Holistic approach to prevent, manage diabetes

A patient takes a blood glucose test.

There are currently over 5.4 million Filipinos who have diabetes, a group of diseases marked by too much glucose, or sugar, in the bloodstream due to problems with how their bodies produce or use insulin.

Ten per cent of these individuals have type 1 diabetes, for which no known prevention exists and require lifelong insulin therapy. The majority (90 per cent) suffer from type 2 diabetes, which occurs when the pancreas eventually fails to produce enough insulin to maintain a normal blood glucose level, or when a patient is unable to use the insulin their body is producing.

The buildup of sugar in the patient's bloodstream must be managed in order to prevent if not delay the onset of more serious if not deadly complications.

What is more alarming, according to the most recent (2013) Food and Nutrition Research Institute survey, is the fact that another 7.4 million Filipinos have a condition called prediabetes, which puts them at high risk of developing type 2 diabetes later in life.

Major contribution

"Why does this matter? For starters, diabetes is the major contributor to heart disease and stroke, peripheral arterial disease and nerve damage. It is also one of the leading causes of blindness, kidney failure and nontraumatic foot amputations. While genetics (family history) is a strong component of risk for developing type 2 diabetes, studies show that lifestyle change, more importantly, losing weight by eating a healthy diet and being more physically active, can cut your risk in half," said Dr. Bien Matawaran, president of the Philippine Society of Endocrinology, Diabetes and Metabolism.

The objective, according to Matawaran, is for those with prediabetes to never cross the line of having full-blown diabetes and for those with diabetes to effectively manage their blood glucose levels along with their blood pressure and cholesterol.

"While diabetes is a challenging disease to manage successfully, it has been proven that patients with good diabetes self-care behaviour can attain excellent glycemic control," he said.

Matawaran added that while insulin and metformin remain the recommended first-line drugs for type 1 and type 2 diabetes respectively, the addition of blood glucose-lowering drug lixisenatide may further improve diabetes management.

"Studies have shown that the addition of lixisenatide to the usual therapy lowers the risk of hypoglycemia or abnormally low blood glucose levels that has been a problem among diabetics as this could lead to seizure and unconsciousness if not treated immediately," he said.

A new study also finds that lixisenatide did not increase risk of cardiovascular events including heart failure in patients with type 2 diabetes and acute coronary syndrome. This is important considering that prior studies have established that other glucose-lowering drugs have been associated with increased risk of cardiovascular disease. The findings of the Evaluation of Lixisenatide in Acute Coronary Syndrome trial were presented at the European Society of Cardiology Congress 2015.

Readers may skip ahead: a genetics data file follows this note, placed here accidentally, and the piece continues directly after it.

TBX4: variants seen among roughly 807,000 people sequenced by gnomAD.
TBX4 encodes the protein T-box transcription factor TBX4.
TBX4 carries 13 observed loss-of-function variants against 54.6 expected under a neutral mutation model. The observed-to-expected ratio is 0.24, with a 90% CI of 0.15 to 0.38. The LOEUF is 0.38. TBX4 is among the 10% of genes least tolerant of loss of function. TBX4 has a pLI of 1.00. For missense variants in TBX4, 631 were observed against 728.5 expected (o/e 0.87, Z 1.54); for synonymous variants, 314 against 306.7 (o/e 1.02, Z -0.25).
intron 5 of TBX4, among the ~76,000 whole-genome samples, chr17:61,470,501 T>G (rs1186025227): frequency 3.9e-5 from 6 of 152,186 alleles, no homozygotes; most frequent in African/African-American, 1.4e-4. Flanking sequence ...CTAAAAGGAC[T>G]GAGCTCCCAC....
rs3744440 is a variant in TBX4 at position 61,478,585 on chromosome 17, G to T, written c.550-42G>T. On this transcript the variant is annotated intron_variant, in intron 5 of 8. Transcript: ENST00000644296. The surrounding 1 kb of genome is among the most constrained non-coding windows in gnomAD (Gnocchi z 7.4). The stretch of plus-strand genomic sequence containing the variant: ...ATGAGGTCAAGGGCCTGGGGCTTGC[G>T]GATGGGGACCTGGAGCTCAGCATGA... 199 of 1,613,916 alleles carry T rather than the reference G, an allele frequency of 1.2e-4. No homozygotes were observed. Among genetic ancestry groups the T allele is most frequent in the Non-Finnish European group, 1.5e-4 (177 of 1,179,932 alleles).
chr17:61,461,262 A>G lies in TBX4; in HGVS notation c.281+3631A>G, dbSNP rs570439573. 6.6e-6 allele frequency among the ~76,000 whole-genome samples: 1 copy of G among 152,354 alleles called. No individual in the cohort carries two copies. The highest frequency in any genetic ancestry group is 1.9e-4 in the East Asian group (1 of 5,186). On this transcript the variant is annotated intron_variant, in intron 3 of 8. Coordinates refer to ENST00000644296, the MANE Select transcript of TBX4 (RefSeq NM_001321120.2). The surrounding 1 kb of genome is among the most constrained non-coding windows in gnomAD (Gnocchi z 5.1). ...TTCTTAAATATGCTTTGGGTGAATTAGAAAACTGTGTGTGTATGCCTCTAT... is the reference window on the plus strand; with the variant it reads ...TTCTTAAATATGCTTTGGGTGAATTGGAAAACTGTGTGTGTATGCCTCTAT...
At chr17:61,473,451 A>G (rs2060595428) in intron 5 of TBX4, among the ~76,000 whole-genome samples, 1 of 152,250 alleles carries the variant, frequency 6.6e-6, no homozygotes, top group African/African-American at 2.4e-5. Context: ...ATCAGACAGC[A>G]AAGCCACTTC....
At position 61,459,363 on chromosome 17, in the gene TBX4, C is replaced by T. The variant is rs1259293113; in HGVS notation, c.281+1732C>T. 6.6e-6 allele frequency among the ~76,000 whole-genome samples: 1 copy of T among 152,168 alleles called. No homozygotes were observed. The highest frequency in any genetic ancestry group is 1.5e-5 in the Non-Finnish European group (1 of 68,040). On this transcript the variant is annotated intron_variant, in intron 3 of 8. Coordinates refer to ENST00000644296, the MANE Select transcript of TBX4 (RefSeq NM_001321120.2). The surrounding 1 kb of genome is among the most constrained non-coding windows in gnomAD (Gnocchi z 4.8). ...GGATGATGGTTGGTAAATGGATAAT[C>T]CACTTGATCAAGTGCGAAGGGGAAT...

While it is important for people at higher risk of diabetes and those who are newly diagnosed with type 2 diabetes to stick to their drug treatment plans, Matawaran said the best and proven approach is a holistic one that incorporates lifestyle changes.

While it may be a challenge to stick to a diet plan or exercise regimen, the doctor suggested to turn to their smartphones for help.

"The capabilities of today's smartphones go well beyond sending e-mail and surfing the Web-the millions of Filipinos living with diabetes can now be important health tools. Smartphone may play double duty as a diabetes tracking or a preventive tool adding that related apps are even more convenient and enjoyable to use," he said.

Smartphone apps

Matawaran said smartphone apps make it easy to record the results of your blood sugar tests and your insulin values, if you use insulin to manage your diabetes.

"On the other hand, a free app like the MyFitnessPal, enables you to watch your diet since it features an easy-to-use calorie counter and diet tracker that offers a massive nutrition and calorie database. You can even mark your favourite foods (including meals from popular restaurants), scan barcodes to log packaged foods, customise your diet goals and create progress reports," Matawaran said. He added that as more users become aware of the potential of these apps, they will have a better grasp of their diabetes management and, in turn, live healthier and more productive lives.

Another interesting app is the ControlMyWeight that helps you set weight goals, become aware of your eating habits and track your progress visually. The app works on the premise that being overweight is a risk factor for developing type 2 diabetes and losing even 5 per cent to 7 per cent of total body weight can help significantly.

A number of the apps for diabetes management also have medication and appointment reminders built in to help patients adhere to their diabetes treatment plan.

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